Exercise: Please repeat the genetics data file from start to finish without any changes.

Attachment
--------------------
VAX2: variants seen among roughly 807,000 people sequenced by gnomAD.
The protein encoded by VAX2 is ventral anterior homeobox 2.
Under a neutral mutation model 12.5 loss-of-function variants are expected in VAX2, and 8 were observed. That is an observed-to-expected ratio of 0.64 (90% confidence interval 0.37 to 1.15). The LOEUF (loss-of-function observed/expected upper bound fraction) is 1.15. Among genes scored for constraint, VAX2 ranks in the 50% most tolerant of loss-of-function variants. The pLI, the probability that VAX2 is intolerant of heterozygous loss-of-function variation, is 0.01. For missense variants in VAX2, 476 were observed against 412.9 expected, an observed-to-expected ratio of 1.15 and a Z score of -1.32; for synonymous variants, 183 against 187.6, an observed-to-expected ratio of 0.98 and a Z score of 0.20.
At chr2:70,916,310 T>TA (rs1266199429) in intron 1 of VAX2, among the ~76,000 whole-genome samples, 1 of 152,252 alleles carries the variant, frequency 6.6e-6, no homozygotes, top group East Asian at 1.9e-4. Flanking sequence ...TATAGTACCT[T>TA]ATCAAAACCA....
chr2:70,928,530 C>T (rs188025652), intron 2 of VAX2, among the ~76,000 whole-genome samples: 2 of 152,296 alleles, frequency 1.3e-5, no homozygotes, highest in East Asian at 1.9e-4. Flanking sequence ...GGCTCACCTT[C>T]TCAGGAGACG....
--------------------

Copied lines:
VAX2: variants seen among roughly 807,000 people sequenced by gnomAD.
The protein encoded by VAX2 is ventral anterior homeobox 2.
Under a neutral mutation model 12.5 loss-of-function variants are expected in VAX2, and 8 were observed. That is an observed-to-expected ratio of 0.64 (90% confidence interval 0.37 to 1.15). The LOEUF (loss-of-function observed/expected upper bound fraction) is 1.15. Among genes scored for constraint, VAX2 ranks in the 50% most tolerant of loss-of-function variants. The pLI, the probability that VAX2 is intolerant of heterozygous loss-of-function variation, is 0.01. For missense variants in VAX2, 476 were observed against 412.9 expected, an observed-to-expected ratio of 1.15 and a Z score of -1.32; for synonymous variants, 183 against 187.6, an observed-to-expected ratio of 0.98 and a Z score of 0.20.
At chr2:70,916,310 T>TA (rs1266199429) in intron 1 of VAX2, among the ~76,000 whole-genome samples, 1 of 152,252 alleles carries the variant, frequency 6.6e-6, no homozygotes, top group East Asian at 1.9e-4. Flanking sequence ...TATAGTACCT[T>TA]ATCAAAACCA....
chr2:70,928,530 C>T (rs188025652), intron 2 of VAX2, among the ~76,000 whole-genome samples: 2 of 152,296 alleles, frequency 1.3e-5, no homozygotes, highest in East Asian at 1.9e-4. Flanking sequence ...GGCTCACCTT[C>T]TCAGGAGACG....